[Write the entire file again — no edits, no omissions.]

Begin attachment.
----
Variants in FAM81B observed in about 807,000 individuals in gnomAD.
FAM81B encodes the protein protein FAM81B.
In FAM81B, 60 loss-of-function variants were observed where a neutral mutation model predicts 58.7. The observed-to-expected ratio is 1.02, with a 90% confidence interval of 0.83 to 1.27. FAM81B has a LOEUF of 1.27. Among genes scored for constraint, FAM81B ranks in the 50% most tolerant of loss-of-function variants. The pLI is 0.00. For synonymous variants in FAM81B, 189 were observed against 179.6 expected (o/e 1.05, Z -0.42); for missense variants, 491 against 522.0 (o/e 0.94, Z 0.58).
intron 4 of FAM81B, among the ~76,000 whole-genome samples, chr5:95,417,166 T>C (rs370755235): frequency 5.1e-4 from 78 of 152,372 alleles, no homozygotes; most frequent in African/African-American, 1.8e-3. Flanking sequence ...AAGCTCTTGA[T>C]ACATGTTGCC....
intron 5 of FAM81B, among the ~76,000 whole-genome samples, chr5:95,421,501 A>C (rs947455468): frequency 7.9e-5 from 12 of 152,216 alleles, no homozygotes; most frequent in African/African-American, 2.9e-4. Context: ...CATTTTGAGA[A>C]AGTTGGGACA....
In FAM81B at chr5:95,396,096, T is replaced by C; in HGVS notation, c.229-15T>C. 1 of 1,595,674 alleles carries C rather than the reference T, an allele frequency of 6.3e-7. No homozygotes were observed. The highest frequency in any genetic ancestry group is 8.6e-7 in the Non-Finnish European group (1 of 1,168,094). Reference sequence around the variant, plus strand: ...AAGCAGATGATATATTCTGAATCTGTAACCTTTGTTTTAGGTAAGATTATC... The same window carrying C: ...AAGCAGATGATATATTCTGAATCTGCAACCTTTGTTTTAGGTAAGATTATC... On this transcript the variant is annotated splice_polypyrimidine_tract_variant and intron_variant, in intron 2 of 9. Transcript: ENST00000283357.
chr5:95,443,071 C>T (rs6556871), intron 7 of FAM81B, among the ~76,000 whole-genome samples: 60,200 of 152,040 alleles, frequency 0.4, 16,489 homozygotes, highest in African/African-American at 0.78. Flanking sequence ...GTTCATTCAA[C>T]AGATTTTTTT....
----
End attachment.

Variants in FAM81B observed in about 807,000 individuals in gnomAD.
FAM81B encodes the protein protein FAM81B.
In FAM81B, 60 loss-of-function variants were observed where a neutral mutation model predicts 58.7. The observed-to-expected ratio is 1.02, with a 90% confidence interval of 0.83 to 1.27. FAM81B has a LOEUF of 1.27. Among genes scored for constraint, FAM81B ranks in the 50% most tolerant of loss-of-function variants. The pLI is 0.00. For synonymous variants in FAM81B, 189 were observed against 179.6 expected (o/e 1.05, Z -0.42); for missense variants, 491 against 522.0 (o/e 0.94, Z 0.58).
intron 4 of FAM81B, among the ~76,000 whole-genome samples, chr5:95,417,166 T>C (rs370755235): frequency 5.1e-4 from 78 of 152,372 alleles, no homozygotes; most frequent in African/African-American, 1.8e-3. Flanking sequence ...AAGCTCTTGA[T>C]ACATGTTGCC....
intron 5 of FAM81B, among the ~76,000 whole-genome samples, chr5:95,421,501 A>C (rs947455468): frequency 7.9e-5 from 12 of 152,216 alleles, no homozygotes; most frequent in African/African-American, 2.9e-4. Context: ...CATTTTGAGA[A>C]AGTTGGGACA....
In FAM81B at chr5:95,396,096, T is replaced by C; in HGVS notation, c.229-15T>C. 1 of 1,595,674 alleles carries C rather than the reference T, an allele frequency of 6.3e-7. No homozygotes were observed. The highest frequency in any genetic ancestry group is 8.6e-7 in the Non-Finnish European group (1 of 1,168,094). Reference sequence around the variant, plus strand: ...AAGCAGATGATATATTCTGAATCTGTAACCTTTGTTTTAGGTAAGATTATC... The same window carrying C: ...AAGCAGATGATATATTCTGAATCTGCAACCTTTGTTTTAGGTAAGATTATC... On this transcript the variant is annotated splice_polypyrimidine_tract_variant and intron_variant, in intron 2 of 9. Transcript: ENST00000283357.
chr5:95,443,071 C>T (rs6556871), intron 7 of FAM81B, among the ~76,000 whole-genome samples: 60,200 of 152,040 alleles, frequency 0.4, 16,489 homozygotes, highest in African/African-American at 0.78. Flanking sequence ...GTTCATTCAA[C>T]AGATTTTTTT....